Three students attend Nebraska Conference for Undergraduate Women
Contributed by Samantha Law, Grace McMonagle, Jennifer Moon
Grace McMonagle, Samantha Law, and Jennifer Moon
The Nebraska Conference for Undergraduate Women in Mathematics (NCUWM) is hosted yearly by the University of Nebraska-Lincoln. The conference aims to provide information and networking opportunities to undergraduate women mathematics majors to help them be more successful mathematicians and to encourage them to pursue graduate study. From GVSU, Samantha Law ’18, Grace McMonagle ’18, and Jennifer Moon ’17 attended the 19th Annual Nebraska Conference along with UNL-alumnus Dr. Lauren Keough. The group took a road trip to the conference in a van along with Dr. Stephanie Edwards from Hope College, and three other students from Hope College and Davenport University.
Dr. Keough has been attending the NCUWM since her days as a graduate student. When asked about what she enjoys about the conference, she said: “I really like the wealth of information and advice available to women at all stages of their career and the networking that happens there. For me, the conference always reenergizes me by reminding me why I love what I do.”
The conference also gives attendees a chance to present their research. Samantha presented research she conducted with Dr. Edward Aboufadel on trying to construct Eugenia Cheng’s associahedron. Samantha said, “The conference showed me that I had many different options for my future, whether it be a job or graduate school. I am very excited about my future in mathematics.” Moreover, she said she left the conference feeling much more confident in herself and her major.
Jennifer presented the research she conducted at Muhlenberg College’s 2016 REU, titled Expansions on “A Game of Edge Removal on Graphs,” with two other members of her REU cohort. According to Jennifer, “It was incredibly inspiring to see women from all around the country present original, interesting, and rigorous mathematical research. The environment was incredibly supportive, both professional and comfortable, and by far the best conference I have attended.” Jennifer will be attending UNL for graduate school in Fall 2017.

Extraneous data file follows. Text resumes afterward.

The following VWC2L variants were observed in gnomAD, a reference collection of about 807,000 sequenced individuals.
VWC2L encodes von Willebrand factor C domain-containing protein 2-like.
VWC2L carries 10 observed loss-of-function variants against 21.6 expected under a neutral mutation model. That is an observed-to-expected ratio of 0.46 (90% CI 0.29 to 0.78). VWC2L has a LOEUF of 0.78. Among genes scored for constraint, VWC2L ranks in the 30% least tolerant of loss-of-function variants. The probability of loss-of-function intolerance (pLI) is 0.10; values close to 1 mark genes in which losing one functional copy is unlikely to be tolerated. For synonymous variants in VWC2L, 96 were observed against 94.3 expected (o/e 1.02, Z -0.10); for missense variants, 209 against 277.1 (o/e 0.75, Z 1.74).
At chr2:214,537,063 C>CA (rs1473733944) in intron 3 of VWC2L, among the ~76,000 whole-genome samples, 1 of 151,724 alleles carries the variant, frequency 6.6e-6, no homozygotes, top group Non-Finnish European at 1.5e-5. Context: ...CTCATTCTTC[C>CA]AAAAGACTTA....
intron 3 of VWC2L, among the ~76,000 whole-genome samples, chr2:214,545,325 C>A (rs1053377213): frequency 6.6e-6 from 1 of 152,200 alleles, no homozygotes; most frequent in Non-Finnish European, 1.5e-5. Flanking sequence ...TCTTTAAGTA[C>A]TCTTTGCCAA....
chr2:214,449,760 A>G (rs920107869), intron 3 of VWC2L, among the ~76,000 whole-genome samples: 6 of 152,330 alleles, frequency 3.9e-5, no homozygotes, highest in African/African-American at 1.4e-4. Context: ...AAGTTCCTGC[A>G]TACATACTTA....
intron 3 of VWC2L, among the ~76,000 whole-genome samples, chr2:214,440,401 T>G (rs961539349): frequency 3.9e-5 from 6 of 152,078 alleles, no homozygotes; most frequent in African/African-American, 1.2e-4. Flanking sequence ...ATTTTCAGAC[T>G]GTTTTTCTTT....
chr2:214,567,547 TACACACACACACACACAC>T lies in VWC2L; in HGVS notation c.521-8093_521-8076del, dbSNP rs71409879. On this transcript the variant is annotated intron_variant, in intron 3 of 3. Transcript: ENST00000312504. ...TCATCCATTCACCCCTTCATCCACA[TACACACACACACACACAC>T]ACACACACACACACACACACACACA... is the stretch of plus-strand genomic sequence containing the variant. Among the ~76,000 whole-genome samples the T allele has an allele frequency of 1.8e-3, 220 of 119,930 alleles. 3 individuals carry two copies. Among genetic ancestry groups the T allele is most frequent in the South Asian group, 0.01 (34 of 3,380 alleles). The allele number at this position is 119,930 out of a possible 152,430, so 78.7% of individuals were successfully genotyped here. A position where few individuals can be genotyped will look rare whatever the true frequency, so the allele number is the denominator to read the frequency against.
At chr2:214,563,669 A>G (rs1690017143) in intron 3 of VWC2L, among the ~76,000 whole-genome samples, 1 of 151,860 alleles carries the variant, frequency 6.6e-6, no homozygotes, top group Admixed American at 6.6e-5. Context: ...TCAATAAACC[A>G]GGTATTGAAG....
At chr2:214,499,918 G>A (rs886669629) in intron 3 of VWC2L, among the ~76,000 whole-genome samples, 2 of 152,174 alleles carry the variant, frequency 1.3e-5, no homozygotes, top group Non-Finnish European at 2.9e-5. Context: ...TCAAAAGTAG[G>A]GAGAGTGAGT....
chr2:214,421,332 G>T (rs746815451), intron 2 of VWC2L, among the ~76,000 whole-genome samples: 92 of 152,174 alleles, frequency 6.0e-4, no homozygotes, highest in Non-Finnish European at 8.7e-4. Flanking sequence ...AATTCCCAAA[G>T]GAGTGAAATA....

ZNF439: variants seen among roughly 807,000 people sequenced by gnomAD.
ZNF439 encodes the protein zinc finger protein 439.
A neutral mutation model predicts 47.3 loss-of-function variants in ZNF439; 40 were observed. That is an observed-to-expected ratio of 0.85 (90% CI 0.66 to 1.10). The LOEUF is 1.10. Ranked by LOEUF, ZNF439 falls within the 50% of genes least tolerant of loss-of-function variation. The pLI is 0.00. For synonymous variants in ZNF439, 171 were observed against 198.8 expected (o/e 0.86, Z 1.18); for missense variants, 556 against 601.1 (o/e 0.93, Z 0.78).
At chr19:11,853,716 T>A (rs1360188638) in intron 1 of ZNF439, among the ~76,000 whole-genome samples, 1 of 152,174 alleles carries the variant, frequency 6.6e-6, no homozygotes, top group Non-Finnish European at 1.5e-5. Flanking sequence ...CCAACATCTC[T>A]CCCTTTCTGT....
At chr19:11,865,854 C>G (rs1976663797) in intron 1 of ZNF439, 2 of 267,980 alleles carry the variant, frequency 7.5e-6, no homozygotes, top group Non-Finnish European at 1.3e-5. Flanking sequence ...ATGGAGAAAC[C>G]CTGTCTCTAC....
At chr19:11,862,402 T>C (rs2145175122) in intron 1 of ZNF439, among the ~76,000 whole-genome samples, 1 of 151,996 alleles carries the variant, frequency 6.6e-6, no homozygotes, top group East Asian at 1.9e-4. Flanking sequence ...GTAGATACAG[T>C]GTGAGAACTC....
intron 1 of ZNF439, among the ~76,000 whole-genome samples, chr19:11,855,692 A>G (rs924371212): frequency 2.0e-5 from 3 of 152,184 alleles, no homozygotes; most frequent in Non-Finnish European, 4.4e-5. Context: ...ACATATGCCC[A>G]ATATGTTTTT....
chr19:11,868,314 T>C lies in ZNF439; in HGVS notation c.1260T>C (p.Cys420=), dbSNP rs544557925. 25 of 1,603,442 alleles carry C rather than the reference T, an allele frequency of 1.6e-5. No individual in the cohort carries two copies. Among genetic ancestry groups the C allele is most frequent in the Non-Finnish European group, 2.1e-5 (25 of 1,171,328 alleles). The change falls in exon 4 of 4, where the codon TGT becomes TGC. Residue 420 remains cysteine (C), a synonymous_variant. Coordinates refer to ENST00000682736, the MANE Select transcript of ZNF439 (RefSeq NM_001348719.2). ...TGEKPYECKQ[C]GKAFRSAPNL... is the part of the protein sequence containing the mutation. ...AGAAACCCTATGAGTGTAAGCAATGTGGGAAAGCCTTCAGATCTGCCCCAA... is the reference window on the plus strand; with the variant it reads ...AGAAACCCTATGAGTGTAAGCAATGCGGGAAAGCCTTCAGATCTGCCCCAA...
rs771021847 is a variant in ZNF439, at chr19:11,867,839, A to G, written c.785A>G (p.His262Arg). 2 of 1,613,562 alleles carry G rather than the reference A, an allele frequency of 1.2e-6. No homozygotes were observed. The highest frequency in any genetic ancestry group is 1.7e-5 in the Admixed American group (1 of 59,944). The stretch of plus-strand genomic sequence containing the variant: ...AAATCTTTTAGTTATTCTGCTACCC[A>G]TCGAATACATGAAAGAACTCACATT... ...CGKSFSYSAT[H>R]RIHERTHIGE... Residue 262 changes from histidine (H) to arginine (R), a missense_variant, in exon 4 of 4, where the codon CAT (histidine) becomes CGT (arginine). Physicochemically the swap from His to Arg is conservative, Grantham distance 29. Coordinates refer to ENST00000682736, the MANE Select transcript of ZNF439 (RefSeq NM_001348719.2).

For Grace, this was her first experience at a math conference. She thought “it was really empowering, and feeling the larger community of women in mathematics had a big impact on me.”
Attendees of the conference heard from two plenary speakers. The first plenary speaker was Dr. Ami Radunskaya, professor at Pomona College and president of the Association for Women in Mathematics. She spoke on her personal journey from professional cellist to studying chaos theory. The next speaker was Dr. Brooke Shipley, professor at the University of Illinois at Chicago, and she told a clever analogy on the relationship between algebraic topology and her personal experiences.
Additionally, ‘breakout sessions’ (small, intimate group sessions that explored specific topics) were offered. Among the topics at these sessions were graduate school applications and what it’s like to be a woman from a minority group in mathematics. In these settings, attendees had the opportunity to network with women all around (and from outside!) the country.
Overall, those who attended the conference enjoyed learning about different areas of mathematical research and meeting women from different backgrounds united by a common interest: math.